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Moreover, the British police have since been lambasted for the way in which they handled Edwards’ disappearance from the offset. Simon Price, who wrote a book about the band in 1999, claims that officials may have failed to adequately consider the troubled star’s history of mental illness at the time. In addition, Edwards’ sibling Rachel has expressed her disappointment that it took two years to assess CCTV film that apparently featured her brother.

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Edwards’ family could have legally declared him dead from the year 2002, but it was a step they couldn’t bear to take at the time. The guitarist’s parents, Sherry and Graham, told the Evening Standard, “We want our son back and not the money. We will never declare him dead. As far as we are concerned he is still alive. We are still hoping and praying that he will return.”

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Six years later, however, Edwards’ parents appeared to accept that their son was never coming back. Indeed, despite the absence of a body, the musician was officially declared to be dead in 2008. Publicist Terri Hall later told the The Mail on Sunday, “This is the parents’ choice, and the band is happy to go with what the parents decide is best.”

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“We all dream Richey will come back one day,” Hall continued. “You hope he is still around somewhere. But it is no longer a realistic hope, and if this offers some kind of closure then the band will be content with that.” Thankfully, though, Edwards’ legacy lives on in the music of the Manic Street Preachers. Indeed, despite the heartbreak of losing a member in such mysterious circumstances, Bradfield, Wire and Moore chose to continue as a trio.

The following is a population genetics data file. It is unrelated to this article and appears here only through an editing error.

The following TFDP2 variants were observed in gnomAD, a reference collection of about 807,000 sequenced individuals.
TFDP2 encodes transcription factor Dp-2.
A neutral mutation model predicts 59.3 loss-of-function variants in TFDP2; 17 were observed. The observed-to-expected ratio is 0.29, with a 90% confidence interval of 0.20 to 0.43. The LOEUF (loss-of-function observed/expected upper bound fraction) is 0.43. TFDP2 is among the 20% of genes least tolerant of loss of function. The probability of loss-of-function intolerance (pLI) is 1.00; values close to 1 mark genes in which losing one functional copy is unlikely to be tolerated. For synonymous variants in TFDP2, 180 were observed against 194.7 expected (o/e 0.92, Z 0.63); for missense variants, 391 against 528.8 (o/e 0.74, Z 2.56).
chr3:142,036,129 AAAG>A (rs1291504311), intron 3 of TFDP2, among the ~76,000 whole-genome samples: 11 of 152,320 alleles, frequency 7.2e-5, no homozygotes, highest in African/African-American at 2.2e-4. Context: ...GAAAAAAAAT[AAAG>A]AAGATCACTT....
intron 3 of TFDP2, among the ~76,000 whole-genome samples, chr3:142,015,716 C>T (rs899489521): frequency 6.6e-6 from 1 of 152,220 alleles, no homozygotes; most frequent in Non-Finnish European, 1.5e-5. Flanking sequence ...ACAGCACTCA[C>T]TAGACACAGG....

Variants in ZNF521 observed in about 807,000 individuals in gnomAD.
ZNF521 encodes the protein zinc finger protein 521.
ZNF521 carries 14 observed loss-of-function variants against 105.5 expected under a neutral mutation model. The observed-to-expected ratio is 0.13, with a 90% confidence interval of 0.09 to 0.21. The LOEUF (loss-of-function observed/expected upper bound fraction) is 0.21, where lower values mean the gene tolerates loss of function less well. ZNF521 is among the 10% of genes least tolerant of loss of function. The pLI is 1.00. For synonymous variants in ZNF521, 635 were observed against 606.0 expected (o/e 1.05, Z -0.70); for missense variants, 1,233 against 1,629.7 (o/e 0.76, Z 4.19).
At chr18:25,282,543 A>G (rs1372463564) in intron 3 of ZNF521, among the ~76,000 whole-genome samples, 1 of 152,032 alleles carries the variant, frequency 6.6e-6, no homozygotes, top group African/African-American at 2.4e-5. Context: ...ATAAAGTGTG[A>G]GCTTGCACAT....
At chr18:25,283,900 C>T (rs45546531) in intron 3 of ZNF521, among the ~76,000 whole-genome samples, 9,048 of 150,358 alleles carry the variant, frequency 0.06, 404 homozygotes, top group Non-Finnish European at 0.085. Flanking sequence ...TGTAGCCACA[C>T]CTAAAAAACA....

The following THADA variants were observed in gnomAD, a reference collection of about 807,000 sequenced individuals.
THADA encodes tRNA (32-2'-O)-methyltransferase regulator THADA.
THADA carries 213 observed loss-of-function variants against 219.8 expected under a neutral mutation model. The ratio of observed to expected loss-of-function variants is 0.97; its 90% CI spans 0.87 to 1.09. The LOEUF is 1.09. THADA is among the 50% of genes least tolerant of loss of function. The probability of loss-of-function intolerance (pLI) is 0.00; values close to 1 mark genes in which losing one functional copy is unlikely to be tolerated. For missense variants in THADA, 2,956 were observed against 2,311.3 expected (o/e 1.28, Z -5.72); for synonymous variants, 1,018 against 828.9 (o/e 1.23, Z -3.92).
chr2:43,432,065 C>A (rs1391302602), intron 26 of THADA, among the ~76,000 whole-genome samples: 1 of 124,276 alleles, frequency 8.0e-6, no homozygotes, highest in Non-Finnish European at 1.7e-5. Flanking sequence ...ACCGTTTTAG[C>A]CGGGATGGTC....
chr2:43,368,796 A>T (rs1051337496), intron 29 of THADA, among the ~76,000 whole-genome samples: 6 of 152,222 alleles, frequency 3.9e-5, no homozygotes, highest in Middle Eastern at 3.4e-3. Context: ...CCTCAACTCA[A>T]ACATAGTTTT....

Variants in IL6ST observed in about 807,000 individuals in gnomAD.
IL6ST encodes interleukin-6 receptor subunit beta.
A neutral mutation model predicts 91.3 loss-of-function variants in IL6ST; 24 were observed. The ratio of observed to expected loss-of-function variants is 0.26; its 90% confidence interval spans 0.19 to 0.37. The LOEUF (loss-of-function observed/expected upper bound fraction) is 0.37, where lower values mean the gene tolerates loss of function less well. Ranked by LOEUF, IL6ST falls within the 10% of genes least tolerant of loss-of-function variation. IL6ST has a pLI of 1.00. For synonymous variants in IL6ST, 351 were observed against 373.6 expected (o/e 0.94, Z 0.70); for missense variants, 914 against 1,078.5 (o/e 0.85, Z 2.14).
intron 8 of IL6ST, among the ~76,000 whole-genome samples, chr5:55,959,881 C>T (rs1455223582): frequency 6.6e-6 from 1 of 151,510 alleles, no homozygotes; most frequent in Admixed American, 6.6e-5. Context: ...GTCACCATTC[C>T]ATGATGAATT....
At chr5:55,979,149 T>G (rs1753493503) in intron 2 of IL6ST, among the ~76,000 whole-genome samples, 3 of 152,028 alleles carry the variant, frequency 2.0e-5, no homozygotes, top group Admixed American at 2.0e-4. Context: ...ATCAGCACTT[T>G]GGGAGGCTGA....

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Unexpectedly, the Manics enjoyed more success as a three-piece than they ever had done as a quartet. In fact, the Welsh outfit had achieved just one Top 10 single in the U.K. before 1995. And although the likes of Generation Terrorists and The Holy Bible achieved rave reviews, they were still very much seen as a cult concern.

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However, their status changed dramatically when they released Everything Must Go in 1996. Their fourth studio effort became one of the year’s biggest-selling albums in the U.K. It also spawned a successful single in the shape of the emotionally stirring “A Design for Life” and picked up Best British Album at the BRIT Awards.

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Edwards might not have been around to witness Everything Must Go’s success, but he still played a significant part in its conception. Five of its tracks included lyrics he’d written before his disappearance, for example. And “No Surface All Feeling” featured him on guitar duties – for only the second time in the band’s discography.

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The Manics consolidated their status as one of Britain’s biggest bands with 1998’s This Is My Truth Tell Me Yours. It was an even bigger hit than its predecessor, peaking at number one in the U.K. The album also produced the first of the band’s two chart-topping singles, “If You Tolerate This, Then Your Children Will Be Next.”